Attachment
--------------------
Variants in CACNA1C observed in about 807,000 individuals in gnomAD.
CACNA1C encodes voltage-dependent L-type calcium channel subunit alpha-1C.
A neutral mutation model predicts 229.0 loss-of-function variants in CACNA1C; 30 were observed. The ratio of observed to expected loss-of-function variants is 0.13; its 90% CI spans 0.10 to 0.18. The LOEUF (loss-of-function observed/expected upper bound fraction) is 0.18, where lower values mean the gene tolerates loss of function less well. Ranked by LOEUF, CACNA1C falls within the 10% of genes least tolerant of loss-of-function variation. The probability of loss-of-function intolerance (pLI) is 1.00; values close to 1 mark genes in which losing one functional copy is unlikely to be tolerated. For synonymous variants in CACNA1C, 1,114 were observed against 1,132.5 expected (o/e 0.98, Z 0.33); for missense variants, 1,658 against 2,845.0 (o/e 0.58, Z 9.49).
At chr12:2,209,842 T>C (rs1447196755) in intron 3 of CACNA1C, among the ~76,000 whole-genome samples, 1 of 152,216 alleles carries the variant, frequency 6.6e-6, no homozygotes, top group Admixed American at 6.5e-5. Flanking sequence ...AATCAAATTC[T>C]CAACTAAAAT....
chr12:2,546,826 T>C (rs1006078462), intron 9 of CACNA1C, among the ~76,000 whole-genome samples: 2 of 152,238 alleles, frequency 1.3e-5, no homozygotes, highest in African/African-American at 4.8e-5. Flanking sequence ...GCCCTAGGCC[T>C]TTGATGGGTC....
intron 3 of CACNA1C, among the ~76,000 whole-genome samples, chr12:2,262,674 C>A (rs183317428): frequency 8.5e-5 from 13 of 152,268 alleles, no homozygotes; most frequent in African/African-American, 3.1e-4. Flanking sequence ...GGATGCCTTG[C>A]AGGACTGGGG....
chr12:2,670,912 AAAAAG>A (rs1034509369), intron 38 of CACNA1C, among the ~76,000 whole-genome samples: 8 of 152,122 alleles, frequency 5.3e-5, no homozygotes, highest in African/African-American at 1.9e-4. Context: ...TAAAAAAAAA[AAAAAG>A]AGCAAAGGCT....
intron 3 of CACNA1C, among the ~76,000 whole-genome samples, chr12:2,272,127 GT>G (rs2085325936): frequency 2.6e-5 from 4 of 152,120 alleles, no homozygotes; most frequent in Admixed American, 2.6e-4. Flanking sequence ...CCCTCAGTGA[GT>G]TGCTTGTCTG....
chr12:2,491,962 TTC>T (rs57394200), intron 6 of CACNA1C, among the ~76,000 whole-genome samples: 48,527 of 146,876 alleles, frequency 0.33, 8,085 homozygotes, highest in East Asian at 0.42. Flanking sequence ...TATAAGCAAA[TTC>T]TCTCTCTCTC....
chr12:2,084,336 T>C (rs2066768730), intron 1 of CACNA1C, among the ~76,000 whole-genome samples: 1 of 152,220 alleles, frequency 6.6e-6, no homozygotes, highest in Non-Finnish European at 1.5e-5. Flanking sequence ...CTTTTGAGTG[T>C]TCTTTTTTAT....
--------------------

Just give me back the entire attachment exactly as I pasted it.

Variants in CACNA1C observed in about 807,000 individuals in gnomAD.
CACNA1C encodes voltage-dependent L-type calcium channel subunit alpha-1C.
A neutral mutation model predicts 229.0 loss-of-function variants in CACNA1C; 30 were observed. The ratio of observed to expected loss-of-function variants is 0.13; its 90% CI spans 0.10 to 0.18. The LOEUF (loss-of-function observed/expected upper bound fraction) is 0.18, where lower values mean the gene tolerates loss of function less well. Ranked by LOEUF, CACNA1C falls within the 10% of genes least tolerant of loss-of-function variation. The probability of loss-of-function intolerance (pLI) is 1.00; values close to 1 mark genes in which losing one functional copy is unlikely to be tolerated. For synonymous variants in CACNA1C, 1,114 were observed against 1,132.5 expected (o/e 0.98, Z 0.33); for missense variants, 1,658 against 2,845.0 (o/e 0.58, Z 9.49).
At chr12:2,209,842 T>C (rs1447196755) in intron 3 of CACNA1C, among the ~76,000 whole-genome samples, 1 of 152,216 alleles carries the variant, frequency 6.6e-6, no homozygotes, top group Admixed American at 6.5e-5. Flanking sequence ...AATCAAATTC[T>C]CAACTAAAAT....
chr12:2,546,826 T>C (rs1006078462), intron 9 of CACNA1C, among the ~76,000 whole-genome samples: 2 of 152,238 alleles, frequency 1.3e-5, no homozygotes, highest in African/African-American at 4.8e-5. Flanking sequence ...GCCCTAGGCC[T>C]TTGATGGGTC....
intron 3 of CACNA1C, among the ~76,000 whole-genome samples, chr12:2,262,674 C>A (rs183317428): frequency 8.5e-5 from 13 of 152,268 alleles, no homozygotes; most frequent in African/African-American, 3.1e-4. Flanking sequence ...GGATGCCTTG[C>A]AGGACTGGGG....
chr12:2,670,912 AAAAAG>A (rs1034509369), intron 38 of CACNA1C, among the ~76,000 whole-genome samples: 8 of 152,122 alleles, frequency 5.3e-5, no homozygotes, highest in African/African-American at 1.9e-4. Context: ...TAAAAAAAAA[AAAAAG>A]AGCAAAGGCT....
intron 3 of CACNA1C, among the ~76,000 whole-genome samples, chr12:2,272,127 GT>G (rs2085325936): frequency 2.6e-5 from 4 of 152,120 alleles, no homozygotes; most frequent in Admixed American, 2.6e-4. Flanking sequence ...CCCTCAGTGA[GT>G]TGCTTGTCTG....
chr12:2,491,962 TTC>T (rs57394200), intron 6 of CACNA1C, among the ~76,000 whole-genome samples: 48,527 of 146,876 alleles, frequency 0.33, 8,085 homozygotes, highest in East Asian at 0.42. Flanking sequence ...TATAAGCAAA[TTC>T]TCTCTCTCTC....
chr12:2,084,336 T>C (rs2066768730), intron 1 of CACNA1C, among the ~76,000 whole-genome samples: 1 of 152,220 alleles, frequency 6.6e-6, no homozygotes, highest in Non-Finnish European at 1.5e-5. Flanking sequence ...CTTTTGAGTG[T>C]TCTTTTTTAT....